A review of helium-hydrogen synergistic effects in radiation damage observed in fusion energy steels and an interaction model to guide future understanding
Published Web Locationhttps://doi.org/10.1016/j.jnucmat.2014.12.046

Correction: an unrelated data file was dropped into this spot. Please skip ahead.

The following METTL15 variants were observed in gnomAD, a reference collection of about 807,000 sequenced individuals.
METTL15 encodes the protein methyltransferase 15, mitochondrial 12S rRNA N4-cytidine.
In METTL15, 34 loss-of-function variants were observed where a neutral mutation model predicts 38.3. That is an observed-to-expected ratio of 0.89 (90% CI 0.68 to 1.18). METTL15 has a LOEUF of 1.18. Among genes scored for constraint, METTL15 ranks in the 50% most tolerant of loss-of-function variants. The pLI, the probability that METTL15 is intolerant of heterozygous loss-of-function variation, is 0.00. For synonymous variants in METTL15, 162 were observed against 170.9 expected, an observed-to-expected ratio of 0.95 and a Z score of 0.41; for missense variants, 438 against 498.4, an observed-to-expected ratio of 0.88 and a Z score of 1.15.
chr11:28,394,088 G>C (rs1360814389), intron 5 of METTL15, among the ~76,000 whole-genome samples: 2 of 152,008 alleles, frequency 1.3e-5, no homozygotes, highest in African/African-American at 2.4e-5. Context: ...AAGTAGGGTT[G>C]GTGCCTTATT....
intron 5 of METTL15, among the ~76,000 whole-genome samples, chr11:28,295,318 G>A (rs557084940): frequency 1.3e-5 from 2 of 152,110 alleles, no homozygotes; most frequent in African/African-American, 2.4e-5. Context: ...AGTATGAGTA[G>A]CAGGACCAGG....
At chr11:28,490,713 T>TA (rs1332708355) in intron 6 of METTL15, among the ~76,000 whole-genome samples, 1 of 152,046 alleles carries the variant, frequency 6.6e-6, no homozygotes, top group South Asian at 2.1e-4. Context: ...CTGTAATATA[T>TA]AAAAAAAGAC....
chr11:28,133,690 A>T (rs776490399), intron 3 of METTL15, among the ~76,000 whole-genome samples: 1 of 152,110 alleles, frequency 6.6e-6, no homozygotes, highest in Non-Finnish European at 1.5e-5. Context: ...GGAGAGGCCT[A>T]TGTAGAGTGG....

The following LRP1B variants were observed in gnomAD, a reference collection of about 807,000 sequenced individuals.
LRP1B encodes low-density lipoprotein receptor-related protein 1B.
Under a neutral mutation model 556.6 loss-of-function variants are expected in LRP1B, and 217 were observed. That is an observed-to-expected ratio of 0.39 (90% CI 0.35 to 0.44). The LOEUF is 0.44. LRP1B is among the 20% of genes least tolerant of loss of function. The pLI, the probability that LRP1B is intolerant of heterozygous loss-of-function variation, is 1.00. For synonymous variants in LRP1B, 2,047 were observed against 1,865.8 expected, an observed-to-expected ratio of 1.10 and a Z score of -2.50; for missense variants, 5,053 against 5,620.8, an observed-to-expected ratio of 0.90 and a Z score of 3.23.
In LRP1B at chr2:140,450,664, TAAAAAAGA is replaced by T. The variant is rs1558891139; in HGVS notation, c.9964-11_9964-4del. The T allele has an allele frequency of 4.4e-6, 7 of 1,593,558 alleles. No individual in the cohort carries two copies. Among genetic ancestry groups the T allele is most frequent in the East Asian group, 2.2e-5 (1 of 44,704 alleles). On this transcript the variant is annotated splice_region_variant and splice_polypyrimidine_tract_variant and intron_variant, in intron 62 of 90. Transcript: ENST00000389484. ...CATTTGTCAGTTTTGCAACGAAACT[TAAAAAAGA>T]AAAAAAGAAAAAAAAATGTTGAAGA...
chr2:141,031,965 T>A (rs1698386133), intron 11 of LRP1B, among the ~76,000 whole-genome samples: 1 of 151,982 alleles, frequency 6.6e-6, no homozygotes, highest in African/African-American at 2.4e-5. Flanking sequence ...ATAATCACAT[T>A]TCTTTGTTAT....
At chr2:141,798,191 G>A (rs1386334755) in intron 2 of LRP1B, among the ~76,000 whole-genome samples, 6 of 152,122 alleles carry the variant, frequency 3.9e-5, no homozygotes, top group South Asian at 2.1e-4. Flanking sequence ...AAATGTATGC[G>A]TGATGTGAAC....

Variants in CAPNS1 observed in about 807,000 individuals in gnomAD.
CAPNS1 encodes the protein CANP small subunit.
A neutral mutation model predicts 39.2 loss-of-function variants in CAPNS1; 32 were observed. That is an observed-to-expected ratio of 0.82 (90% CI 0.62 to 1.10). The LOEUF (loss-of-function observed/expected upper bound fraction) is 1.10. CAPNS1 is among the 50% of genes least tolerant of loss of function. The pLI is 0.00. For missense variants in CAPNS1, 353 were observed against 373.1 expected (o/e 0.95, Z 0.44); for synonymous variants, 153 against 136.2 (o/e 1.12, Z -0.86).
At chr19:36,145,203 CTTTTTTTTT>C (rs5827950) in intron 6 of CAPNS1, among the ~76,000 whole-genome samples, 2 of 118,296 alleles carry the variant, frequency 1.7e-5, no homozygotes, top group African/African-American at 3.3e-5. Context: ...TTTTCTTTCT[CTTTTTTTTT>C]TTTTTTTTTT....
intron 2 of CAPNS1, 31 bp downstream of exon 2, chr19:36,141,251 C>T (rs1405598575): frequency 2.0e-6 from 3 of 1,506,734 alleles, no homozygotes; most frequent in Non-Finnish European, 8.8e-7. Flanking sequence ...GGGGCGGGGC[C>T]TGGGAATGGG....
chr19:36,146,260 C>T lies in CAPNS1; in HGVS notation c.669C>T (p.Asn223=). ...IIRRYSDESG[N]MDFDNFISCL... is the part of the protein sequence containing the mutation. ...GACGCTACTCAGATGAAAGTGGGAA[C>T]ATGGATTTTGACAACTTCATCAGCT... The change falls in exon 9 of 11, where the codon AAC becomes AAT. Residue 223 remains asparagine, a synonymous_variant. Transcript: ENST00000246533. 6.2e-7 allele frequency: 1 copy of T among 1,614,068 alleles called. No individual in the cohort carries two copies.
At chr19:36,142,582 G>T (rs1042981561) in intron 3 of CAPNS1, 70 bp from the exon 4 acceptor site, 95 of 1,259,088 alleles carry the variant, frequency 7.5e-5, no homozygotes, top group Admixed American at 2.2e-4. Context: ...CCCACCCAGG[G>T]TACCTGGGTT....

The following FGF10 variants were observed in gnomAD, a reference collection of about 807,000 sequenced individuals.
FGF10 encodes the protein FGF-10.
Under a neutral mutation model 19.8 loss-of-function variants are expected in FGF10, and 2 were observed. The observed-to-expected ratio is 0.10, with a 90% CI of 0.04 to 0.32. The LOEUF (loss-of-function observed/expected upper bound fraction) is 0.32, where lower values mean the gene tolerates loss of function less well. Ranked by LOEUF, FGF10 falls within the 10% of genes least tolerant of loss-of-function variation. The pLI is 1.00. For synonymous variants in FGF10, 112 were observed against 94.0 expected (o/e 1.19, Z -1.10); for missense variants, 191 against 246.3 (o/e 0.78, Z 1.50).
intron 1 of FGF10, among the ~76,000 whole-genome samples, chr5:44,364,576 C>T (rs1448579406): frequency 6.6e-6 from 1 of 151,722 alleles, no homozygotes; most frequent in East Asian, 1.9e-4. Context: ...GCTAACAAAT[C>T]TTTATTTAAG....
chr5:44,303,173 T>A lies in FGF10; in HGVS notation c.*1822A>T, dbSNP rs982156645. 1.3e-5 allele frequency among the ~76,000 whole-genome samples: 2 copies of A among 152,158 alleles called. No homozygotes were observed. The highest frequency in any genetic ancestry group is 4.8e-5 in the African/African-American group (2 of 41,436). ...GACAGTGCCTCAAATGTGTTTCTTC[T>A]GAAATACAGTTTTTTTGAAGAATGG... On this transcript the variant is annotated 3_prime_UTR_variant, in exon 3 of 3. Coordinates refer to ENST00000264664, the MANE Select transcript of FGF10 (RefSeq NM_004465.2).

Under fusion reactor conditions, large quantities of irradiation defects and transmutation gases are produced per unit time by neutrons, resulting in accelerated degradation of structural candidate ferritic (F) and ferritic/martensitic (F/M) steels. Due to the lack of a suitable fusion neutron testing facility, we must rely on high-dose-rate ion-beam experiments and present-day crude modeling estimates. Of particular interest is the possibility of synergistic (positive feedback) effects on materials properties due to the simultaneous action of He, H, and displacement damage (dpa) during operation. In this paper we discuss the state-of-the-art in terms of the experimental understanding of synergistic effects and carry out simulations of triple-species irradiation under ion-beam conditions using first-of-its-kind modeling techniques. Although, state-of-the-art modeling and simulation is not sufficiently well developed to shed light on the experimental uncertainties, we are able to conclude that it is not clear whether synergistic effects, the evidence of which is still not conclusive, will ultimately play a critical role in material performance under fusion energy conditions. We review here some of the evidence for the synergistic effects of hydrogen in the presence of helium and displacement damage, and also include some recent data from our research. While the experimental results to date suggest possible mechanisms for the observed synergistic effects, it is only with more advanced modeling that we can hope to understand the details underlying the experimental observations. By employing modeling and simulation we propose an interaction model that is qualitatively consistent with experimental observations of dpa/He/H irradiation behavior. Our modeling, the results of which should be helpful to researchers going forward, points to gaps and voids in the current understanding of triple ion-beam irradiation effects (displacement damage produced simultaneously with helium and hydrogen implantation) and the synergistic effects of hydrogen.